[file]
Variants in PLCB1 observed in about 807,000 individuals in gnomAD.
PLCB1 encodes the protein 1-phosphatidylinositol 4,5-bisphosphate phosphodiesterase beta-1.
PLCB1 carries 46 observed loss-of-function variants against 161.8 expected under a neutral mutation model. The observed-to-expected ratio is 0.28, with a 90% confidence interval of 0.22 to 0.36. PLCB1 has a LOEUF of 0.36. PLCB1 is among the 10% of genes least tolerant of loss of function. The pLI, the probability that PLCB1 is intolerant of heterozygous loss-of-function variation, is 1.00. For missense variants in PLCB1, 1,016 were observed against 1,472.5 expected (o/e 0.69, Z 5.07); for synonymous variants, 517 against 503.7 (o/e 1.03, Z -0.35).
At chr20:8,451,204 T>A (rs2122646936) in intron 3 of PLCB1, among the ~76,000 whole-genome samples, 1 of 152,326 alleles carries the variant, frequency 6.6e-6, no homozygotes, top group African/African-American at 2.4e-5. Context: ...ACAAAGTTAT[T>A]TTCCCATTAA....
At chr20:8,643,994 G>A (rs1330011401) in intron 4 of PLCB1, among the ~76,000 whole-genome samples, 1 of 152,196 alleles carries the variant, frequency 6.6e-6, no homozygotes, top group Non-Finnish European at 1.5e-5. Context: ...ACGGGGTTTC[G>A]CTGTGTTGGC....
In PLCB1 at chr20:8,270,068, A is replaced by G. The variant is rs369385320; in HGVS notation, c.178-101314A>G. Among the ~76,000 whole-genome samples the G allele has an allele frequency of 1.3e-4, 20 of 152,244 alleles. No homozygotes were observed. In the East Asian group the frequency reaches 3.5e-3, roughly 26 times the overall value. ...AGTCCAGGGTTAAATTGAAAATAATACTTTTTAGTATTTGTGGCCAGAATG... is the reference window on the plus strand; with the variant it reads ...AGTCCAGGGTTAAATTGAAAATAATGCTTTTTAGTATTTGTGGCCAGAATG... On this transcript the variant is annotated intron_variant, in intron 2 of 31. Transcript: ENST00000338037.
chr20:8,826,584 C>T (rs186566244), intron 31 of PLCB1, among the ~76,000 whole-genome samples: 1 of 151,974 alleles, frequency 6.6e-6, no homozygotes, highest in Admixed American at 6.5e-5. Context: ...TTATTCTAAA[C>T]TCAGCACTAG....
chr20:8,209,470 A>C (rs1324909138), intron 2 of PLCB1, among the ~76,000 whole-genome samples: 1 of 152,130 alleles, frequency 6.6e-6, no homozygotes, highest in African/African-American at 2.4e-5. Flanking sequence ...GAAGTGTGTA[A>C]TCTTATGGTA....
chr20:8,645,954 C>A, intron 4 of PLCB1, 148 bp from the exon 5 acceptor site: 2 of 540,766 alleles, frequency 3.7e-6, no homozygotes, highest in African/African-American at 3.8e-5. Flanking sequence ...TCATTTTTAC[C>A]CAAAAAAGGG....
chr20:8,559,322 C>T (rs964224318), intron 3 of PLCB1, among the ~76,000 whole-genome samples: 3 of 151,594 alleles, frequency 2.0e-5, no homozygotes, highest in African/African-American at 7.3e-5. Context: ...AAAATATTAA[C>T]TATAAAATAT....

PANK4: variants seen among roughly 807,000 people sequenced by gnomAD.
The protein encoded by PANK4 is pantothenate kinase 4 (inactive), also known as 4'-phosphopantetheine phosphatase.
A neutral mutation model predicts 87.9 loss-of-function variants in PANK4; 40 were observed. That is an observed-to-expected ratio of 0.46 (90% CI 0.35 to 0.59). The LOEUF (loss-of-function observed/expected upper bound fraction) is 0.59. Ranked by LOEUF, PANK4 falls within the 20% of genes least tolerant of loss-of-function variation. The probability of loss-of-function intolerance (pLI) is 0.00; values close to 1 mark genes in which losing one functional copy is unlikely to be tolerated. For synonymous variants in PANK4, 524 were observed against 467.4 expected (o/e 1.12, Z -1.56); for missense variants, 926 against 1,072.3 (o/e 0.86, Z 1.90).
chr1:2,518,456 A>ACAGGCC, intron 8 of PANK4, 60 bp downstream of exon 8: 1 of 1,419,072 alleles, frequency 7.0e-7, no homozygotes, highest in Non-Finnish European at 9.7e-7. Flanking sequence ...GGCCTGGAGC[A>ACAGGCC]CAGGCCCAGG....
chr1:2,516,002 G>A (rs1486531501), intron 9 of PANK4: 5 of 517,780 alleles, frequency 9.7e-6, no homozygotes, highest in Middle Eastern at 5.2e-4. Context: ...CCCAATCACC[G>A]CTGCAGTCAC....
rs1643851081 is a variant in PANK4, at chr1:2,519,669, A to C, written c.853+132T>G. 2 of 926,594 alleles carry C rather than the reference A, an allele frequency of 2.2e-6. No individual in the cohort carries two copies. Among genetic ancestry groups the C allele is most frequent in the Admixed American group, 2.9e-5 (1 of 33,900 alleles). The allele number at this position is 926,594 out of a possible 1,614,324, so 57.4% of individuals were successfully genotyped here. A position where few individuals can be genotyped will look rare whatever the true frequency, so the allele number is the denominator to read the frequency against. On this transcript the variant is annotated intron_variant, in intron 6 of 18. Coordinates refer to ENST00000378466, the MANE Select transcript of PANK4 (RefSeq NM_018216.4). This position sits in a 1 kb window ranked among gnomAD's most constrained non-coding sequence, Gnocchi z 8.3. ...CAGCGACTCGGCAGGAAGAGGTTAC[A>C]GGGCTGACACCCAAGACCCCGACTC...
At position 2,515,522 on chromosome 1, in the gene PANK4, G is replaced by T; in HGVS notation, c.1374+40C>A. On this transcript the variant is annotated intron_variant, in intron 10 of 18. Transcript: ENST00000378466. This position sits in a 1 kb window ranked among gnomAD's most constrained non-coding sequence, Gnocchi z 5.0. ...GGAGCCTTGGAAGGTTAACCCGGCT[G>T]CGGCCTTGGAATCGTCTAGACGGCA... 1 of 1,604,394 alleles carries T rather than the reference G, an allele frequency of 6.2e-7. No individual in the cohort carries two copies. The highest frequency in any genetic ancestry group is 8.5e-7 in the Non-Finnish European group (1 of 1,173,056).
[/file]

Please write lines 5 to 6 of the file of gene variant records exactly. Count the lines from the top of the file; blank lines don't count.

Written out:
At chr20:8,643,994 G>A (rs1330011401) in intron 4 of PLCB1, among the ~76,000 whole-genome samples, 1 of 152,196 alleles carries the variant, frequency 6.6e-6, no homozygotes, top group Non-Finnish European at 1.5e-5. Context: ...ACGGGGTTTC[G>A]CTGTGTTGGC....
In PLCB1 at chr20:8,270,068, A is replaced by G. The variant is rs369385320; in HGVS notation, c.178-101314A>G. Among the ~76,000 whole-genome samples the G allele has an allele frequency of 1.3e-4, 20 of 152,244 alleles. No homozygotes were observed. In the East Asian group the frequency reaches 3.5e-3, roughly 26 times the overall value. ...AGTCCAGGGTTAAATTGAAAATAATACTTTTTAGTATTTGTGGCCAGAATG... is the reference window on the plus strand; with the variant it reads ...AGTCCAGGGTTAAATTGAAAATAATGCTTTTTAGTATTTGTGGCCAGAATG... On this transcript the variant is annotated intron_variant, in intron 2 of 31. Transcript: ENST00000338037.